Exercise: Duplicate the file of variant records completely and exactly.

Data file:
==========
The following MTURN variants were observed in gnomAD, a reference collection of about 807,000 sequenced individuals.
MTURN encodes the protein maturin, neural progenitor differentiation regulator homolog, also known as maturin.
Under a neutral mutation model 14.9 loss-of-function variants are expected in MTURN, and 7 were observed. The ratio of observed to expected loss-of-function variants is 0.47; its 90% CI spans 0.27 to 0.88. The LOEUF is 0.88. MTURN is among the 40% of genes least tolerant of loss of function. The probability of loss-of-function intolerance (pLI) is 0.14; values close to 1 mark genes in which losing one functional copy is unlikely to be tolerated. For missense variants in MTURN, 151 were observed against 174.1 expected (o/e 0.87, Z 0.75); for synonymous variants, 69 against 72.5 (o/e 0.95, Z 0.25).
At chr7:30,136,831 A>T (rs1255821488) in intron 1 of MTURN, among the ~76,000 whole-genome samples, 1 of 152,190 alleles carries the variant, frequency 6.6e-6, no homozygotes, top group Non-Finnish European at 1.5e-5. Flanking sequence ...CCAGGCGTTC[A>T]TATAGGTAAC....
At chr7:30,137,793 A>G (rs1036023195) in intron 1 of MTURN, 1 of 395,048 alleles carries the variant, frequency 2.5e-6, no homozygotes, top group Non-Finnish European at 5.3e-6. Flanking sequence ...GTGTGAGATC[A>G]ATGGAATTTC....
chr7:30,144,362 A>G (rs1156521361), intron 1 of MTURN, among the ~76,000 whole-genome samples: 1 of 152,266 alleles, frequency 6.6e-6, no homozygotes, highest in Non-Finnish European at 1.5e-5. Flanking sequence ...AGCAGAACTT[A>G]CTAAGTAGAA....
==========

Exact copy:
The following MTURN variants were observed in gnomAD, a reference collection of about 807,000 sequenced individuals.
MTURN encodes the protein maturin, neural progenitor differentiation regulator homolog, also known as maturin.
Under a neutral mutation model 14.9 loss-of-function variants are expected in MTURN, and 7 were observed. The ratio of observed to expected loss-of-function variants is 0.47; its 90% CI spans 0.27 to 0.88. The LOEUF is 0.88. MTURN is among the 40% of genes least tolerant of loss of function. The probability of loss-of-function intolerance (pLI) is 0.14; values close to 1 mark genes in which losing one functional copy is unlikely to be tolerated. For missense variants in MTURN, 151 were observed against 174.1 expected (o/e 0.87, Z 0.75); for synonymous variants, 69 against 72.5 (o/e 0.95, Z 0.25).
At chr7:30,136,831 A>T (rs1255821488) in intron 1 of MTURN, among the ~76,000 whole-genome samples, 1 of 152,190 alleles carries the variant, frequency 6.6e-6, no homozygotes, top group Non-Finnish European at 1.5e-5. Flanking sequence ...CCAGGCGTTC[A>T]TATAGGTAAC....
At chr7:30,137,793 A>G (rs1036023195) in intron 1 of MTURN, 1 of 395,048 alleles carries the variant, frequency 2.5e-6, no homozygotes, top group Non-Finnish European at 5.3e-6. Flanking sequence ...GTGTGAGATC[A>G]ATGGAATTTC....
chr7:30,144,362 A>G (rs1156521361), intron 1 of MTURN, among the ~76,000 whole-genome samples: 1 of 152,266 alleles, frequency 6.6e-6, no homozygotes, highest in Non-Finnish European at 1.5e-5. Flanking sequence ...AGCAGAACTT[A>G]CTAAGTAGAA....